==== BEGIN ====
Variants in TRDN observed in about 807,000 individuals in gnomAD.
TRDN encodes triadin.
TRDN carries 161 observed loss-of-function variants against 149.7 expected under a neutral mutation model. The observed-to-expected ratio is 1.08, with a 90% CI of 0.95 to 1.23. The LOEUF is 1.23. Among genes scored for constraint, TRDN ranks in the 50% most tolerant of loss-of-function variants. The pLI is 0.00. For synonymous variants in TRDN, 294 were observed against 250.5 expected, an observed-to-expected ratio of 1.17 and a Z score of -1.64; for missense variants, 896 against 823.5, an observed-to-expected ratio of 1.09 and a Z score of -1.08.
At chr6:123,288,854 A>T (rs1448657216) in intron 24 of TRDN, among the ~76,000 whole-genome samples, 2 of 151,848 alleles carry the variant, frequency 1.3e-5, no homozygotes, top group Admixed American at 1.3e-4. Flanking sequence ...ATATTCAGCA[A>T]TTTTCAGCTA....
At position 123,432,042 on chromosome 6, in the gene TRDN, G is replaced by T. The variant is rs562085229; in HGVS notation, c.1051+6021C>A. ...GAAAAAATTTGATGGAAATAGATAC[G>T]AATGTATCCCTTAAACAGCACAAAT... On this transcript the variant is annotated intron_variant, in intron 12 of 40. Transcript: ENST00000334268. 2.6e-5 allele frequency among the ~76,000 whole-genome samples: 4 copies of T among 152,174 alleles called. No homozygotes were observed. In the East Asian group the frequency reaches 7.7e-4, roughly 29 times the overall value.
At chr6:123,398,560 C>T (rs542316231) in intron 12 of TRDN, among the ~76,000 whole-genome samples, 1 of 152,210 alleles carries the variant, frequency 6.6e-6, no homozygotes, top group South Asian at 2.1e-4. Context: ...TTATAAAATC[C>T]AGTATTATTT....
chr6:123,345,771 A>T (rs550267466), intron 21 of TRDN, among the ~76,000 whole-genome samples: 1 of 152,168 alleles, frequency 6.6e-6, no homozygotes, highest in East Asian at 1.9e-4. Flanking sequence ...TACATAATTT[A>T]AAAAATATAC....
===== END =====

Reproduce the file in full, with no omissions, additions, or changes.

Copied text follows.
Variants in TRDN observed in about 807,000 individuals in gnomAD.
TRDN encodes triadin.
TRDN carries 161 observed loss-of-function variants against 149.7 expected under a neutral mutation model. The observed-to-expected ratio is 1.08, with a 90% CI of 0.95 to 1.23. The LOEUF is 1.23. Among genes scored for constraint, TRDN ranks in the 50% most tolerant of loss-of-function variants. The pLI is 0.00. For synonymous variants in TRDN, 294 were observed against 250.5 expected, an observed-to-expected ratio of 1.17 and a Z score of -1.64; for missense variants, 896 against 823.5, an observed-to-expected ratio of 1.09 and a Z score of -1.08.
At chr6:123,288,854 A>T (rs1448657216) in intron 24 of TRDN, among the ~76,000 whole-genome samples, 2 of 151,848 alleles carry the variant, frequency 1.3e-5, no homozygotes, top group Admixed American at 1.3e-4. Flanking sequence ...ATATTCAGCA[A>T]TTTTCAGCTA....
At position 123,432,042 on chromosome 6, in the gene TRDN, G is replaced by T. The variant is rs562085229; in HGVS notation, c.1051+6021C>A. ...GAAAAAATTTGATGGAAATAGATAC[G>T]AATGTATCCCTTAAACAGCACAAAT... On this transcript the variant is annotated intron_variant, in intron 12 of 40. Transcript: ENST00000334268. 2.6e-5 allele frequency among the ~76,000 whole-genome samples: 4 copies of T among 152,174 alleles called. No homozygotes were observed. In the East Asian group the frequency reaches 7.7e-4, roughly 29 times the overall value.
At chr6:123,398,560 C>T (rs542316231) in intron 12 of TRDN, among the ~76,000 whole-genome samples, 1 of 152,210 alleles carries the variant, frequency 6.6e-6, no homozygotes, top group South Asian at 2.1e-4. Context: ...TTATAAAATC[C>T]AGTATTATTT....
chr6:123,345,771 A>T (rs550267466), intron 21 of TRDN, among the ~76,000 whole-genome samples: 1 of 152,168 alleles, frequency 6.6e-6, no homozygotes, highest in East Asian at 1.9e-4. Flanking sequence ...TACATAATTT[A>T]AAAAATATAC....